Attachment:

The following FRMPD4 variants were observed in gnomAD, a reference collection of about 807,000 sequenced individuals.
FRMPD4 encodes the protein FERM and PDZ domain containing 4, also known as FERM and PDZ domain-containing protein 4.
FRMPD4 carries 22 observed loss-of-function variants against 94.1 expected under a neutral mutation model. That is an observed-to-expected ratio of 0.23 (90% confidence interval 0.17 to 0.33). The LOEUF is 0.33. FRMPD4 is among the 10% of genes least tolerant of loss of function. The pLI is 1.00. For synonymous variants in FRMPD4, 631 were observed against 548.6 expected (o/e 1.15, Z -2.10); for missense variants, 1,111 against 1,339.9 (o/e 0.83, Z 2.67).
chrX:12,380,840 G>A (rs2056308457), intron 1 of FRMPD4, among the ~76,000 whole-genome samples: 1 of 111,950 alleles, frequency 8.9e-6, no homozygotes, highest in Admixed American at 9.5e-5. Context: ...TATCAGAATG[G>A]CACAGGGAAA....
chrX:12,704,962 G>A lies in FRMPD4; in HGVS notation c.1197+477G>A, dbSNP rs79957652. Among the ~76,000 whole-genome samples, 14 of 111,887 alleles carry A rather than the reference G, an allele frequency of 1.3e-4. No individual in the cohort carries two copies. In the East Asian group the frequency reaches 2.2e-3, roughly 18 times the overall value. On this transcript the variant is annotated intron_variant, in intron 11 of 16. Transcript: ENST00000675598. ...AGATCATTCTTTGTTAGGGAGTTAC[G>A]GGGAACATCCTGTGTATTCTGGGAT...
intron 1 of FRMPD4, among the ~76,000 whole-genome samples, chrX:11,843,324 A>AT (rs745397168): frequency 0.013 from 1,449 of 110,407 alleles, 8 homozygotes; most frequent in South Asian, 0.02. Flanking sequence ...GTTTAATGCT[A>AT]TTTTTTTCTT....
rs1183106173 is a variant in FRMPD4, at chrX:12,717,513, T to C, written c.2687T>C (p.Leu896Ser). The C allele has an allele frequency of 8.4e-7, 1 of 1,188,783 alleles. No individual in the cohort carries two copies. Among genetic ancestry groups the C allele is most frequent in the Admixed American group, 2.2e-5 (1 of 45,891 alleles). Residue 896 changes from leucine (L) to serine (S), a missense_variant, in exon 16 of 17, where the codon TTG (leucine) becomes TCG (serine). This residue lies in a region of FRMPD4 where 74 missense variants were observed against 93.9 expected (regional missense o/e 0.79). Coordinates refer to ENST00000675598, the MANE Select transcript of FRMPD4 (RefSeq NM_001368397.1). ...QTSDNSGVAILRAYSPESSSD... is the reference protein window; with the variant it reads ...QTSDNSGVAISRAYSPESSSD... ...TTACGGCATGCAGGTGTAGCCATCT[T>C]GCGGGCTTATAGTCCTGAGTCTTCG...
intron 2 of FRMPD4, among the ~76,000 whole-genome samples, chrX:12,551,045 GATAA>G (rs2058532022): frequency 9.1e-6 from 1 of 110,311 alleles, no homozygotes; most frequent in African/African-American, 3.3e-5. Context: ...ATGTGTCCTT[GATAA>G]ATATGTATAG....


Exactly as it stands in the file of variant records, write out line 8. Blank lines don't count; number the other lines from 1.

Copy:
intron 2 of FRMPD4, among the ~76,000 whole-genome samples, chrX:12,551,045 GATAA>G (rs2058532022): frequency 9.1e-6 from 1 of 110,311 alleles, no homozygotes; most frequent in African/African-American, 3.3e-5. Context: ...ATGTGTCCTT[GATAA>G]ATATGTATAG....